2. Neuroleptics and long-term course Psychiatrists, prompted by the pharmacological industry, have believed that maintenance medication taken for many years not only controls positive symptoms, but also improves social function. Ciompi (1980) was also interested in the extent to which neuroleptic medication influenced the course of schizophrenia. He divided his subjects into three groups by date of first admission, corresponding to the period prior to the introduction of electro-convulsive therapy (pre 1933), the period prior to the introduction of the neuroleptics (1933 to 1953), and the period following the introduction of neuroleptics (post 1953). If neuroleptics have a beneficial effect on outcome, then we would expect the latter group of people to fare better. Ciompi was surprised and disappointed to find that over very long periods of observation, no statistically significant differences could be found in outcomes of people admitted in these different therapeutic eras. He concluded that people admitted with schizophrenia in the nineteen fifties, following the introduction of the neuroleptics did no better in terms of social adjustment than those admitted in the first three decades of the century.
Kane and Freeman (1994) have reviewed the advantages and drawbacks of neuroleptic treatment. First, they make the point that a number of authorities have doubted whether neuroleptics have a beneficial effect on outcome. “…it remains debatable whether or not long-term neuroleptic treatment substantially alters the course and outcome of this disorder…” (Kane & Freeman, 1994, p.22)
Karl Leonhard (1980) argued that psychiatrists should only consider using long term therapy once it was established without doubt that the condition from which the individual was suffering was a phasic disorder, that is a condition characterised by recurrent episodes of positive, or other acute psychotic symptoms. This was based on his view that such a symptom pattern tended to respond to neuroleptics, whereas the defect state did not. Schooler (1991) in her study of dose reduction commented that the results of naturalistic long-term follow up studies in schizophrenia show clearly the great diversity of outcomes of the condition. Despite long term medication, some people appear to have a very poor outcome. On the other hand some people do very well with little or no medication. The word naturalistic is very important here. Most of the accepted evidence in support of the value of neuroleptics in the short-term and long-term management of schizophrenia comes from drug trials, which are special studies resourced and supported by the pharmacological industry. Such studies can hardly be described as independent. In addition, they are performed under ideal conditions which are hardly representative of the circumstances under which these drugs are used by psychiatrists in the daily work. In this sense, the ecological validity of these studies must be called into question.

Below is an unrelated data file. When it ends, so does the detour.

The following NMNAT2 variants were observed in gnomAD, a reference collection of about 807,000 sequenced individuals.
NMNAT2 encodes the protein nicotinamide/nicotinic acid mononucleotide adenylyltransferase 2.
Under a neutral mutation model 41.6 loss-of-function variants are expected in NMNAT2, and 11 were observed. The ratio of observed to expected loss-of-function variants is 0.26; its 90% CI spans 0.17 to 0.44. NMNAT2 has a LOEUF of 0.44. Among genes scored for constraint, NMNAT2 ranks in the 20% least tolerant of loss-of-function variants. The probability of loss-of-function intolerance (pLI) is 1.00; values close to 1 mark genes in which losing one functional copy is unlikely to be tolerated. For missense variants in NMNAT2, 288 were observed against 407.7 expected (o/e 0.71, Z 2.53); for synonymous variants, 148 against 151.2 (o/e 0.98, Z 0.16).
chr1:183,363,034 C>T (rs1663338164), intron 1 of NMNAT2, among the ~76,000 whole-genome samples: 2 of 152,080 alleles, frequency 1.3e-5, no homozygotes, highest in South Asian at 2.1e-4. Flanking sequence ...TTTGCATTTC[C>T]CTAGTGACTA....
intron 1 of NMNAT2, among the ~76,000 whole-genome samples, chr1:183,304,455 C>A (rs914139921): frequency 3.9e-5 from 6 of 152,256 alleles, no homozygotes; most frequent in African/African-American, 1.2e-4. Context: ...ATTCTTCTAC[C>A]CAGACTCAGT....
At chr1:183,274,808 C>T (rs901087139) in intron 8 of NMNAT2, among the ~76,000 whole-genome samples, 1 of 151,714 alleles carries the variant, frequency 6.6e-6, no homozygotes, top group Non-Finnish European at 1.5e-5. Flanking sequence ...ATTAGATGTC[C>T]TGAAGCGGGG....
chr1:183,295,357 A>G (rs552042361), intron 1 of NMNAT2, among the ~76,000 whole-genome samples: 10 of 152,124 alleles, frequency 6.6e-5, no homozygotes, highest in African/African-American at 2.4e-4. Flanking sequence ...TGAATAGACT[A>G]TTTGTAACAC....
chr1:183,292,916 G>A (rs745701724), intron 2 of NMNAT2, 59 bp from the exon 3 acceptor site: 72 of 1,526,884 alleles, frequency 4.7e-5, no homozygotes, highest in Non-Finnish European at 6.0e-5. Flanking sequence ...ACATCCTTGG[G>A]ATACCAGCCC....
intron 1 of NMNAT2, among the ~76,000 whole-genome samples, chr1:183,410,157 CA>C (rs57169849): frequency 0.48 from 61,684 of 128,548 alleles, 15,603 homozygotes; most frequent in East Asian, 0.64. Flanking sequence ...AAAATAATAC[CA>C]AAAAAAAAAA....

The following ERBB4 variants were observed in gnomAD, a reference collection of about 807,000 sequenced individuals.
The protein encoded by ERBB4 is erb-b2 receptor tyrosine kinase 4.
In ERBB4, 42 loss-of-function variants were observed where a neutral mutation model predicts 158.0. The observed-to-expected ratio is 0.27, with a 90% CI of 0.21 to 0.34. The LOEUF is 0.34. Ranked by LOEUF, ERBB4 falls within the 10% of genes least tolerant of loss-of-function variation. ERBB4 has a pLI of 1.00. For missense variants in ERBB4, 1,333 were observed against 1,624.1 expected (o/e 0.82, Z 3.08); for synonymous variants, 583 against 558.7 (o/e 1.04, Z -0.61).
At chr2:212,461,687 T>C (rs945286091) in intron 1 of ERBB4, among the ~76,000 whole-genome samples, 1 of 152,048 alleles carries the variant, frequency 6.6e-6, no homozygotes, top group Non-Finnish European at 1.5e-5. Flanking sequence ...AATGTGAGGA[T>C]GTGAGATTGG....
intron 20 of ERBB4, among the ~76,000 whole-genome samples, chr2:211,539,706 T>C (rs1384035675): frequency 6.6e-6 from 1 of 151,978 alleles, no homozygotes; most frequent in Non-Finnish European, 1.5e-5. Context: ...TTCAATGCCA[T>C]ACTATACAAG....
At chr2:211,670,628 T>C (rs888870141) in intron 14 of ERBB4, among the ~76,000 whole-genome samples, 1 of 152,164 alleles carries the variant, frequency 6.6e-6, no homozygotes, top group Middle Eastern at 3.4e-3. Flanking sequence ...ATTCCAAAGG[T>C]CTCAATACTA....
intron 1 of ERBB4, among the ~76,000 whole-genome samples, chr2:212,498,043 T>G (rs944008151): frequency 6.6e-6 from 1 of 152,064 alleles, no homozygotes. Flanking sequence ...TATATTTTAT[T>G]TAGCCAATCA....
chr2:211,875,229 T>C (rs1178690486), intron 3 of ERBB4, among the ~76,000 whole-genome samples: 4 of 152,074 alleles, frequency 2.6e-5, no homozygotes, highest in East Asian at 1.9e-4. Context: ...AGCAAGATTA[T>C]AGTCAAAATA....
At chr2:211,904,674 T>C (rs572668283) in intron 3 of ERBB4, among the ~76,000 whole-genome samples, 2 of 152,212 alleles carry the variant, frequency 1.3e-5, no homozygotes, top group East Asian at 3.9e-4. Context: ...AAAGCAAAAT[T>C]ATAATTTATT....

The most naturalistic study in this sense was undertaken by Johnstone et al (1986) working at Northwick Park in London. Patients were under the care of forty psychiatrists working within a thirty five mile radius of Harrow. Over 460 patients met the criteria for inclusion in the study over a period of almost two and a half years, yet 14% of these patients could not be assessed for a number of reasons. These included refusal of either patient or consultant to consent to study, self-discharge before assessment could be made, administrative problems such as patient not admitted, or ‘conversation’ barriers. These problems are typical of those commonly encountered by psychiatrists in their day to day work. Of the patients who could be assessed, only 120 could be entered into a randomised placebo-controlled drug trial of maintenance neuroleptic medication (Crow et al, 1986). They found surprisingly high rates of relapse in the two years following discharge both in the placebo group and, surprisingly, the group who received active medication. Although 70 percent of patients on placebo relapsed, 58 percent of those taking active medication did so over the same period. Overall these results suggest that at best, the benefits of neuroleptic medication in preventing relapse are marginal.